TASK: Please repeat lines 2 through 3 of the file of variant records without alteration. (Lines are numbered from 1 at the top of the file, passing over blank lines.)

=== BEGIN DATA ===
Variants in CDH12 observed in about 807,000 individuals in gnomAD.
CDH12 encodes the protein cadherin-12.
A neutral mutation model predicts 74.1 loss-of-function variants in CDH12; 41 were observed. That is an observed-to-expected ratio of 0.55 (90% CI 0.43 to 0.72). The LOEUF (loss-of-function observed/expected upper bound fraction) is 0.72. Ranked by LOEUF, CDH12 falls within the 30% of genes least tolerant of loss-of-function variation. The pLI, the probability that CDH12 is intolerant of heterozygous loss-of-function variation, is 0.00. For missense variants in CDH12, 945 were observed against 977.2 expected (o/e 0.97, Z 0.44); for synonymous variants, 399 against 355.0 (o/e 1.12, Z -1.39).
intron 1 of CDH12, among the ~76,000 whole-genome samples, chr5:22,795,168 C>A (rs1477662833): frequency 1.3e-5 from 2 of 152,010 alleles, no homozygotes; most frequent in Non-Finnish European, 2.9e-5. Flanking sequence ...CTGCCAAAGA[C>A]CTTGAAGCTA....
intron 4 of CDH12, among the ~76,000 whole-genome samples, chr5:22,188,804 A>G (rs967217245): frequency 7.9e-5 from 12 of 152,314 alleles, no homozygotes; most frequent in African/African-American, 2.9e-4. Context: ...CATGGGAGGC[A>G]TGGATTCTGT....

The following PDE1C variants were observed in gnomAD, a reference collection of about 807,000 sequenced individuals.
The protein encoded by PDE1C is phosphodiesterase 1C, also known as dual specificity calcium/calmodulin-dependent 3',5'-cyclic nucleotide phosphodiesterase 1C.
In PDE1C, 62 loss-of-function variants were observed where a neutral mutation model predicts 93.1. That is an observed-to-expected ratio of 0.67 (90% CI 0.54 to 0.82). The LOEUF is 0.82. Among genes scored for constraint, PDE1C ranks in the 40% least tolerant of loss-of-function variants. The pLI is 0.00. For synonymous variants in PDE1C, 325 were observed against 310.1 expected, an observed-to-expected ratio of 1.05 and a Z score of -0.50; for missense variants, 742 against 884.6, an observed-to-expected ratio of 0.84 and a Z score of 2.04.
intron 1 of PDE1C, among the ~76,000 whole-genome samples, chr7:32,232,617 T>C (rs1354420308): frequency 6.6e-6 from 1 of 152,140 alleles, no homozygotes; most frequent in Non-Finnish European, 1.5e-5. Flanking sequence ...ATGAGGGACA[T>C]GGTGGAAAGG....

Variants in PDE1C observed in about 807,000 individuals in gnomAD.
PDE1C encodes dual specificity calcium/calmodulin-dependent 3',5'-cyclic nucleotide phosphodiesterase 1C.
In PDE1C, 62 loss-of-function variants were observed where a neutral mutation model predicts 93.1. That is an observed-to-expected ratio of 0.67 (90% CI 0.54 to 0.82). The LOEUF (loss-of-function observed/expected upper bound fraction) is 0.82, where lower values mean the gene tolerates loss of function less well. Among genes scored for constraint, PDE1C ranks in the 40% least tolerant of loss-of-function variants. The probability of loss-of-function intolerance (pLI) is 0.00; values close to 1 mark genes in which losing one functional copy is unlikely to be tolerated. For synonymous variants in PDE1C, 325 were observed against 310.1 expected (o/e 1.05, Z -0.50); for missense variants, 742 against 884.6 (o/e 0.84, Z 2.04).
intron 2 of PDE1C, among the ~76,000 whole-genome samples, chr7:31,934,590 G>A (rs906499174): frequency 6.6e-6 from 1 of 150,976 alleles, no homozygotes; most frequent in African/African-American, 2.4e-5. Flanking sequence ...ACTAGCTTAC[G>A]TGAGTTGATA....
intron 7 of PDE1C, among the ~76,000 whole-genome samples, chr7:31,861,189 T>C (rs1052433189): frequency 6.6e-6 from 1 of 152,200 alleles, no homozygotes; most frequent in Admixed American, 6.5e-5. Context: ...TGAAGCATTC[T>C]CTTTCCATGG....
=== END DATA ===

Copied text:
CDH12 encodes the protein cadherin-12.
A neutral mutation model predicts 74.1 loss-of-function variants in CDH12; 41 were observed. That is an observed-to-expected ratio of 0.55 (90% CI 0.43 to 0.72). The LOEUF (loss-of-function observed/expected upper bound fraction) is 0.72. Ranked by LOEUF, CDH12 falls within the 30% of genes least tolerant of loss-of-function variation. The pLI, the probability that CDH12 is intolerant of heterozygous loss-of-function variation, is 0.00. For missense variants in CDH12, 945 were observed against 977.2 expected (o/e 0.97, Z 0.44); for synonymous variants, 399 against 355.0 (o/e 1.12, Z -1.39).